The Story of the Poppy

Poppy Day

Poppy Day, when the South African Legion holds a street collection to gather funds to assist in the welfare work among military veterans, takes place on the Saturday nearest to Remembrance Day.

When one buys a poppy on Poppy Day one pays tribute to those who died, and one is helping those who are left and bear the scars of war.

The Red Poppy’s story

During the First World War (1914–1918) much of the fighting took place in Western Europe, mainly in France and Belgium. The rolling plains of the Somme in France and around Ypres in Belgium was transformed into a network of dug trenches and fortifications as two massive armies stood in opposition to one another. This stunning countryside was blasted, bombed with such ferocity that it became a muddy, treeless barren landscape – a living hell.

Only one plant survived – Bright red Flanders poppies (Papaver rhoeas) with their delicate but resilient flowers – and they flourished in their thousands amid the mud and shattered earth.

In May 1915, a Canadian doctor, Lt Col John McCrae was so inspired by the sight of poppies growing from the rapidly interned soldiers graves amid all the destruction that he penned his famous poem called ‘In Flanders Fields’. Initially crumpling up the poem and throwing it away, his men found it and urged him to send it to newspaper and magazine publishers, the rest is a remarkable twist of history.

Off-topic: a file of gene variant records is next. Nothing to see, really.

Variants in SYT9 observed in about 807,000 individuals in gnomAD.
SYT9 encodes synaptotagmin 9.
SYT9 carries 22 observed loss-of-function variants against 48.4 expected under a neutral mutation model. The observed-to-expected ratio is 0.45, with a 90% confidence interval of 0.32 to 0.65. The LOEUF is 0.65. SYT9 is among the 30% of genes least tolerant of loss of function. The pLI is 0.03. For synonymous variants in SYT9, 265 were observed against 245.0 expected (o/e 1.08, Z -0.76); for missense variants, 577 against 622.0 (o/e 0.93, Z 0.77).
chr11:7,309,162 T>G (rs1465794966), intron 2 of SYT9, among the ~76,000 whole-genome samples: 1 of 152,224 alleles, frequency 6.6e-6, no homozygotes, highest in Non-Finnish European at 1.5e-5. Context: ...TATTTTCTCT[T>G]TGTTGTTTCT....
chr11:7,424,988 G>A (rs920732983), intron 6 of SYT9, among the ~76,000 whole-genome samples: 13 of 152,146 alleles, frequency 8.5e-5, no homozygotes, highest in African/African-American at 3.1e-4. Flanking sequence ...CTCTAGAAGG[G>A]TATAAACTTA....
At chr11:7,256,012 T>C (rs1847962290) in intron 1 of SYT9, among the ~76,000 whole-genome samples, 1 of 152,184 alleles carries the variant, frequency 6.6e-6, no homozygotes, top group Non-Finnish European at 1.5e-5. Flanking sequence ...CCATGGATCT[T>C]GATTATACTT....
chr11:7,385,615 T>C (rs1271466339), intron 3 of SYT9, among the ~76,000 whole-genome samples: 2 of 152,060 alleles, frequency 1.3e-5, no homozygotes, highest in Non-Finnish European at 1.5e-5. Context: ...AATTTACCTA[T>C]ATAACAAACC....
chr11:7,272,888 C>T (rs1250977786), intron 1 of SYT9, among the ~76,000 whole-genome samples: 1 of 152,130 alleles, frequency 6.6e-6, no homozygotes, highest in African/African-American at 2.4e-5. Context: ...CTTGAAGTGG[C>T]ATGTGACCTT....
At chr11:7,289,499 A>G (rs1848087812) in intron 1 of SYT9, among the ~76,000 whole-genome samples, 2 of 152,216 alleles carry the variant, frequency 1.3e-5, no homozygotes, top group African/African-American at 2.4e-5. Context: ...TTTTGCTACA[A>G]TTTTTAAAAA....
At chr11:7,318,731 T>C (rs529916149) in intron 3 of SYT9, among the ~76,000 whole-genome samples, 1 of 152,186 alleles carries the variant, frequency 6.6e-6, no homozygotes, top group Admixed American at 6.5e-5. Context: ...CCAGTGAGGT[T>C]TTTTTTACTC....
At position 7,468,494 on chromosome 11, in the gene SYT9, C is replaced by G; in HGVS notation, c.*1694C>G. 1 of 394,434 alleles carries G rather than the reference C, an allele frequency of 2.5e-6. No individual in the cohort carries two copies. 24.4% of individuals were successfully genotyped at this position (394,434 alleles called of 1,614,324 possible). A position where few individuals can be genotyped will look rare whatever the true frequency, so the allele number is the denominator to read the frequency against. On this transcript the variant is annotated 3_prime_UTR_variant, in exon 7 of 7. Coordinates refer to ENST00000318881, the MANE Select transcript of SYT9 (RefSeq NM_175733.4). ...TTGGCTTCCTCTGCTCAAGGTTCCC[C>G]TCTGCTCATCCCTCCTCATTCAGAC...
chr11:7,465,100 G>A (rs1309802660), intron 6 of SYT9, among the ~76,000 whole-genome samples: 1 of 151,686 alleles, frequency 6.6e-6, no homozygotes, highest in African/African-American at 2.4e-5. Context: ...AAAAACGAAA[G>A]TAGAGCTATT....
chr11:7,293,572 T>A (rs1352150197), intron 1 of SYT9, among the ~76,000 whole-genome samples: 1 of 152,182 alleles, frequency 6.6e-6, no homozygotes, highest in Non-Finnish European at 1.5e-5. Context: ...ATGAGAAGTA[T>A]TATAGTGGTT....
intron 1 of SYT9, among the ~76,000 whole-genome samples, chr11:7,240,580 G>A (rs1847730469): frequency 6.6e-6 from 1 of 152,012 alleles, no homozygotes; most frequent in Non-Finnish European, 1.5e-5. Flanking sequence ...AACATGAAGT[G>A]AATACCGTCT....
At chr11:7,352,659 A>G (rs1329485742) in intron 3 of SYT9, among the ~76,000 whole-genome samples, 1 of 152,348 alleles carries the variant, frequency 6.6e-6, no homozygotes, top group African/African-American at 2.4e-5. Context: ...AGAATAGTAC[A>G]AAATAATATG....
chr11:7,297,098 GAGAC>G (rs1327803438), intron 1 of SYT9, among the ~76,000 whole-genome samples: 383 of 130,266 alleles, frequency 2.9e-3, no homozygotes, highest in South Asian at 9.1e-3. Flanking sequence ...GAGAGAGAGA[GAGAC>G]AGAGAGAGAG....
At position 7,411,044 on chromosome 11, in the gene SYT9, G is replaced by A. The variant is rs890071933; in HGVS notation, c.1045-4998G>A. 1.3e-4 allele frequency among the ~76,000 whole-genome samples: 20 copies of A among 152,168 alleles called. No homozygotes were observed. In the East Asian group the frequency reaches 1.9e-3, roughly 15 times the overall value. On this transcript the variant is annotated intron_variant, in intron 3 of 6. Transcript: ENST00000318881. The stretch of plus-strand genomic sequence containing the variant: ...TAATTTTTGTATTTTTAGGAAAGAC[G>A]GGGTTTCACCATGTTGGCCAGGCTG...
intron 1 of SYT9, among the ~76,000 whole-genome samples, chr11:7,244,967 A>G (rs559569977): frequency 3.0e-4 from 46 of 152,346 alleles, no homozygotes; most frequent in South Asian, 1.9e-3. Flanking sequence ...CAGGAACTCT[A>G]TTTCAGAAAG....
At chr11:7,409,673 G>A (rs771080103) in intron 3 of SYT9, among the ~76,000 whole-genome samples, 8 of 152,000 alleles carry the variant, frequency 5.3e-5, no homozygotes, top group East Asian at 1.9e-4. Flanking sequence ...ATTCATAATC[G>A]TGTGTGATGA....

Once published in public domain John McCrae’s poem in turn inspired an American academic, Moina Michael to make and sell red silk poppies which were then brought to England to raise funds and help returning veterans and their families with employment, medical aid, housing etc. The (Royal) British Legion, ordered millions of the poppies which were sold during the very first armistice day commemorations on 11 November. This practice was also adopted by the Legion family the world over, including The South African Legion, and continues to this day.

The Poem


In Flanders’ fields the poppies blow

Between the crosses, row on row,

That mark our place: and in the sky

The larks, still bravely singing, fly

Scarce heard amid the guns below.

We are the dead. Short days ago

We lived, felt dawn, saw sunset glow,

Loved and were loved, and now we lie

In Flanders’ fields.

Take up our quarrel with the foe;

To you from failing hands we throw

The torch; be yours to hold it high,

If ye break faith with us who die

We shall not sleep, though poppies grow

In Flanders’ Fields.

Lt Col John McCrae unfortunately did not survive the war, on January 28, 1918, while still commanding No. 3 Canadian General Hospital at Boulogne, McCrae died of pneumonia. He was buried the following day in the Commonwealth War Graves Commission section of Wimereux Cemetery, with full military honours.


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